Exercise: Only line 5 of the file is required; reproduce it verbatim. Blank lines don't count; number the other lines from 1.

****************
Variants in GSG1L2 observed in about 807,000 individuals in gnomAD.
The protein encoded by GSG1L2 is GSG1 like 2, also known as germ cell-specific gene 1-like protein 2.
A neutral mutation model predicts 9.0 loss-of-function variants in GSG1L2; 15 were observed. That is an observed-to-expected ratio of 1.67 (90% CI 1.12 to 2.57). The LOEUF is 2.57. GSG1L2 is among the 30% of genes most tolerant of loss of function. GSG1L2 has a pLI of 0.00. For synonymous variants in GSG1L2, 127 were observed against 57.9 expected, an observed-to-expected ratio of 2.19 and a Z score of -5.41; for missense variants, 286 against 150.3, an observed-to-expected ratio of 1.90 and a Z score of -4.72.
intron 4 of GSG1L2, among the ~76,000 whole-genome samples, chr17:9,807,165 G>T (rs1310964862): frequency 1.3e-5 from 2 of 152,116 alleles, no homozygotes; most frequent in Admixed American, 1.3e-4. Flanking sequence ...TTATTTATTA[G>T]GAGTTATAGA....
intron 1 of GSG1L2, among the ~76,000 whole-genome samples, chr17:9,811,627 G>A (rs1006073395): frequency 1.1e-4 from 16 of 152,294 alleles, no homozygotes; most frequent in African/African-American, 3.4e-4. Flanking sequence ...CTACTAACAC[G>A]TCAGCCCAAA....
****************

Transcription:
intron 1 of GSG1L2, among the ~76,000 whole-genome samples, chr17:9,811,627 G>A (rs1006073395): frequency 1.1e-4 from 16 of 152,294 alleles, no homozygotes; most frequent in African/African-American, 3.4e-4. Flanking sequence ...CTACTAACAC[G>A]TCAGCCCAAA....